Halloween and Dia de Los Muertos occur at the same time (by the way: not a random thing — the Spanish forcibly moved the Aztec death celebrations from August to All Saints’ Day as part of their whole conquering bit).
Although Day of the Dead still appears to be the predominant celebration, Halloween has definitely been at least partially adopted by Mexican kids. As in, trick or treating. And not just for one night – but an entire weekend of trick or treating, since Day of the Dead is actually several days long, and why limit trick-or-treating to just one night?
And while we’re at it, why limit it to candy?
Last Friday night, Jeremy, Nancy, Brendan and I were having a few beers out on the leafy central plaza in Puebla, Mexico. Being that it was Day of the Dead weekend, there were many elaborate altars set up in the plaza, and hundreds of families milling about.
It didn’t take but a few seconds before we heard “calaverita???” We turned around to see a small child, dressed in a costume, holding up an orange plastic pumpkin.
Calavera means skull in Spanish, and sugar skull candy is one of the main decorations that adorns altars. But a calaverita (little skull) means something entirely different. In some instances, it can mean a little poem about death. And, more important to this story, it’s what kids here say instead of “trick-or-treat.”
AND, well, once you’ve been asked to give a calaverita, don’t expect to hand out candies in return. Kids here want money. Pesos. Thank god we’ve been in Mexico long enough to be aware of this “cultural difference” or else it could have gotten really awkward really fast.
It’s brilliant, really. Why mess with Smarties or Snickers when you can collect cold, hard cash?
Many of the kids that night who approached us were dressed in costumes, polite and accompanied by their parents. Perhaps because we were obviously tourists (no kids with us, and one of us is a 6’4” white guy) we got approached more than other diners around us.
As you can imagine in a country that is struggling so much with poverty, and in a situation where money is literally being handed out, street kids also make grand efforts for calaveritas, regardless of whether they have a costume. We had one such young boy approach us.
You’d assume that when faced with a street kid, you’d immediately feel a melting sensation your heart and feel compelled to give, right?
Wrong. He was a tough, old street kid, not interested in making any effort to elicit sympathy. You could tell he had dispensed with that long ago and replaced it with straight-up aggression.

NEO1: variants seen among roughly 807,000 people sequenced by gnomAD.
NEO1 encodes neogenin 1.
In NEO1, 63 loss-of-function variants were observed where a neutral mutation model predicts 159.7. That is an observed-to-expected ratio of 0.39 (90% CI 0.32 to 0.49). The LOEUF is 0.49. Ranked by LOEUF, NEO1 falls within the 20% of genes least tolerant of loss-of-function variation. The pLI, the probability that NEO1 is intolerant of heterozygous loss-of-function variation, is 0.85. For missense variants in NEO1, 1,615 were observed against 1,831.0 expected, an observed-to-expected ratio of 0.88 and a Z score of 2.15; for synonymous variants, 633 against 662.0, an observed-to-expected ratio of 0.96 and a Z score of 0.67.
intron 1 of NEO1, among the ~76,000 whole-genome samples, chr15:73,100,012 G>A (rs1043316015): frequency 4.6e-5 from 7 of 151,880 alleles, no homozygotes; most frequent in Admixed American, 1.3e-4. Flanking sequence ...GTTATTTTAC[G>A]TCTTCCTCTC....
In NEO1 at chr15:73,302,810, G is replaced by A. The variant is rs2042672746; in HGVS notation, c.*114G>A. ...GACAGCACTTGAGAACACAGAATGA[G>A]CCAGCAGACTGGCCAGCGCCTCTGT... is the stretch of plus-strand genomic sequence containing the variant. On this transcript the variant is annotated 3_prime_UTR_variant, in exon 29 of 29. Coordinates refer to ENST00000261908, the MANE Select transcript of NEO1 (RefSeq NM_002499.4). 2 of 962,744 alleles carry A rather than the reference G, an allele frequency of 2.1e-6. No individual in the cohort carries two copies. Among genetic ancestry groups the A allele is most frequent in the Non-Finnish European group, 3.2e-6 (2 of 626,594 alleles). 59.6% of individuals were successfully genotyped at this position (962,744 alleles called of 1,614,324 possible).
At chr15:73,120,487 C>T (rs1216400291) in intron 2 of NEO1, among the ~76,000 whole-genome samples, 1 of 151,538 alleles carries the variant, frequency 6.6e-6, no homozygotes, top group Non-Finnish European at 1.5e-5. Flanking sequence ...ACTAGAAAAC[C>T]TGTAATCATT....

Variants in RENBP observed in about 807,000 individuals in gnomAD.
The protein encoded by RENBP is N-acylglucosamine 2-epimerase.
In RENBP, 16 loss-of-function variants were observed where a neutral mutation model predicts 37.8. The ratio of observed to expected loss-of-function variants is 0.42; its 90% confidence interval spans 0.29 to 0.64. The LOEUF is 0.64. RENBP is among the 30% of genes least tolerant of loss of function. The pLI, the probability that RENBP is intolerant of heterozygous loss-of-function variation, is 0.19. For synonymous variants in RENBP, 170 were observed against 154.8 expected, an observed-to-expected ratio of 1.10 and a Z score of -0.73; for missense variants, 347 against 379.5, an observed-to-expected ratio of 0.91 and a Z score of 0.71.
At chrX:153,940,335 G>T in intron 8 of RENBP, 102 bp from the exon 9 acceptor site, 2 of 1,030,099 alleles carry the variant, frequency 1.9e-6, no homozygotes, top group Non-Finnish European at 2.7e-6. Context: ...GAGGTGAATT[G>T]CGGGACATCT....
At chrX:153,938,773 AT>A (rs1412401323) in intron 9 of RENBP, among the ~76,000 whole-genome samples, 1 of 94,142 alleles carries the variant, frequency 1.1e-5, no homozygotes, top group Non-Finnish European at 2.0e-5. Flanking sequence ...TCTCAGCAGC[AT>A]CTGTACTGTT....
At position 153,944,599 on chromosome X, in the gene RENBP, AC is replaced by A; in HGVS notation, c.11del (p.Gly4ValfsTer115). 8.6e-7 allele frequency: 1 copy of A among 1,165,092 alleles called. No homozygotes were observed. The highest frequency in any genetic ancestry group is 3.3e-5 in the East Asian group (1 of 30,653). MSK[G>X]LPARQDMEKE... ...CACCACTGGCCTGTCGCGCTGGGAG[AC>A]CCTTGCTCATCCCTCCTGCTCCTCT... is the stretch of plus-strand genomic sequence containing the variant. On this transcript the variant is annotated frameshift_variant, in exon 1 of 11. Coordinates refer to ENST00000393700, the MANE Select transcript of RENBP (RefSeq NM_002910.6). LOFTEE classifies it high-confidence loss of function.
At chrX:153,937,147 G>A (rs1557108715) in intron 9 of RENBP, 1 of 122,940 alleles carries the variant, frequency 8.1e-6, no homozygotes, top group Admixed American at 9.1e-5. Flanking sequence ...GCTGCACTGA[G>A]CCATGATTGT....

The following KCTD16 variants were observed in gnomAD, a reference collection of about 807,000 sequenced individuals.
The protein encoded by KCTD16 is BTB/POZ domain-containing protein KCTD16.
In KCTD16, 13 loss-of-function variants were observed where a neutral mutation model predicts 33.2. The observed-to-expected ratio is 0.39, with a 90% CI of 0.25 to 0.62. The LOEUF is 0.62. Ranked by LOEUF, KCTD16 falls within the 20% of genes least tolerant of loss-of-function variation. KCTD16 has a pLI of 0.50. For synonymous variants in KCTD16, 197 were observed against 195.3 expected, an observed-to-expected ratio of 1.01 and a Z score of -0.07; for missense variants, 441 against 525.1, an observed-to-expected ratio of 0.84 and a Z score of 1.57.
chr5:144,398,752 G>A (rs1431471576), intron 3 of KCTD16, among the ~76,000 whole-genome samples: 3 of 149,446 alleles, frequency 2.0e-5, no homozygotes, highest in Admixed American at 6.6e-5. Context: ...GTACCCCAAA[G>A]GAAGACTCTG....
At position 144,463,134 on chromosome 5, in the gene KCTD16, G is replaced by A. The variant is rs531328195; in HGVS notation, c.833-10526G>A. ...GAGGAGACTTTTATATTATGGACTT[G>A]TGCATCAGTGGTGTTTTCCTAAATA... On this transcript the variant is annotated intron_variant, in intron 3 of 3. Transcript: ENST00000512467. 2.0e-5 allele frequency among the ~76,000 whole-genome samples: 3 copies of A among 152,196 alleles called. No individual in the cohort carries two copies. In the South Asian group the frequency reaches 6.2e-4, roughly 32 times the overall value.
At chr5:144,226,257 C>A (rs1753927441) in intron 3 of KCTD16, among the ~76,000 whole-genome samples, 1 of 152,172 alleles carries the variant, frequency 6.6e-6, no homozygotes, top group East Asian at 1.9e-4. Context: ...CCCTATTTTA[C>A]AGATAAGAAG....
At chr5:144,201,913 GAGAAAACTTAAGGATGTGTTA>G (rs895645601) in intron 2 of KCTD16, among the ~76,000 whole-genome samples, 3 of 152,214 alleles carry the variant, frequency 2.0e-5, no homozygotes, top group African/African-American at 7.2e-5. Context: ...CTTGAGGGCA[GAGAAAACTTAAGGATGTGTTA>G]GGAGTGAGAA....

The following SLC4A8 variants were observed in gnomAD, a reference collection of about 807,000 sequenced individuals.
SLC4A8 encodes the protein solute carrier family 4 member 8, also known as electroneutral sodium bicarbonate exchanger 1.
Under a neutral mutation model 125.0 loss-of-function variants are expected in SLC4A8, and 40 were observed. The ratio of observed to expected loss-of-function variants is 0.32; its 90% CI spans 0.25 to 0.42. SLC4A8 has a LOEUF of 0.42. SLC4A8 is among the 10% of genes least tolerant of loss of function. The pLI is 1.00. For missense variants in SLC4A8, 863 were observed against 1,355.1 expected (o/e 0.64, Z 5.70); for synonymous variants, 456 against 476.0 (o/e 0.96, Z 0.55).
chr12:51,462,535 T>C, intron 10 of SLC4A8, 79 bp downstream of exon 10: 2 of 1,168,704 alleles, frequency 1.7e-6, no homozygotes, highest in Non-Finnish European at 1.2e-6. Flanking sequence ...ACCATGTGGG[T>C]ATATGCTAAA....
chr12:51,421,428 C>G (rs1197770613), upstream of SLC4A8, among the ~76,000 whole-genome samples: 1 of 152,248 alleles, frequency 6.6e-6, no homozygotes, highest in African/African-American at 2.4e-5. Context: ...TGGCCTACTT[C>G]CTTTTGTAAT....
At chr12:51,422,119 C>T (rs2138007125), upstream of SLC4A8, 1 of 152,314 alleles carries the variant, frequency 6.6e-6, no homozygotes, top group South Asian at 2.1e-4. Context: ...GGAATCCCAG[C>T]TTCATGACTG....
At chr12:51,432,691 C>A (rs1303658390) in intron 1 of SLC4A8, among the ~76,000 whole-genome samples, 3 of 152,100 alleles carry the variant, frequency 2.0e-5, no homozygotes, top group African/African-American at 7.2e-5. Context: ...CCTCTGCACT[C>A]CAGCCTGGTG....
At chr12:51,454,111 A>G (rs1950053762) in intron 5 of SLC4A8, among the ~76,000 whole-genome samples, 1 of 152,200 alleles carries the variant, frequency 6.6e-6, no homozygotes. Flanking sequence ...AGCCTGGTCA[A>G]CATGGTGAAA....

He was maybe five years old, and clad in dirty clothes. He ran up to our table demanding “DIEZ PESOS! DIEZ PESOS” (10 pesos, which is similar in value and size to a dollar coin). Because of how brazen he was, we all laughed — “what a great opening line,” “this kid’s funny,” we thought.
We normally gave even the most polite children a peso (about a dime’s worth), and so, we did the same for him. Each time one of us plunked a peso into his pumpkin, he’d hold the pumpkin up to his face, peer deeply inside, and then look up at us with a pissed-off face. He kept demanding more, and so we gave him a few more pesos but had to eventually cut him off.
Finally, seething at us for not forking over sums of money he considered adequate, he (without asking) grabbed at a plate of peanuts on the table, took a huge handful, and started eating them, in front of us. After one big swallow, he did it again.
Again, you’d think this would immediately cause us to have a heart attack of guilt – he’s so hungry!!! — but this kid was 4 going on 45. He was arrogant about it, laughing defiantly and checking closely to see if it would piss us off more — a goal you could tell he was clamoring to achieve. His attitude was basically: We should be grateful he was eating our peanuts. Jeremy finally shooed him off (gently) and we resumed drinking our beers, a bit floored by the whole event, but not having much time to really think about what it meant to be this kid, and act that way, since after he left, it didn’t take long before more kids approached, Halloween pumpkins in hand.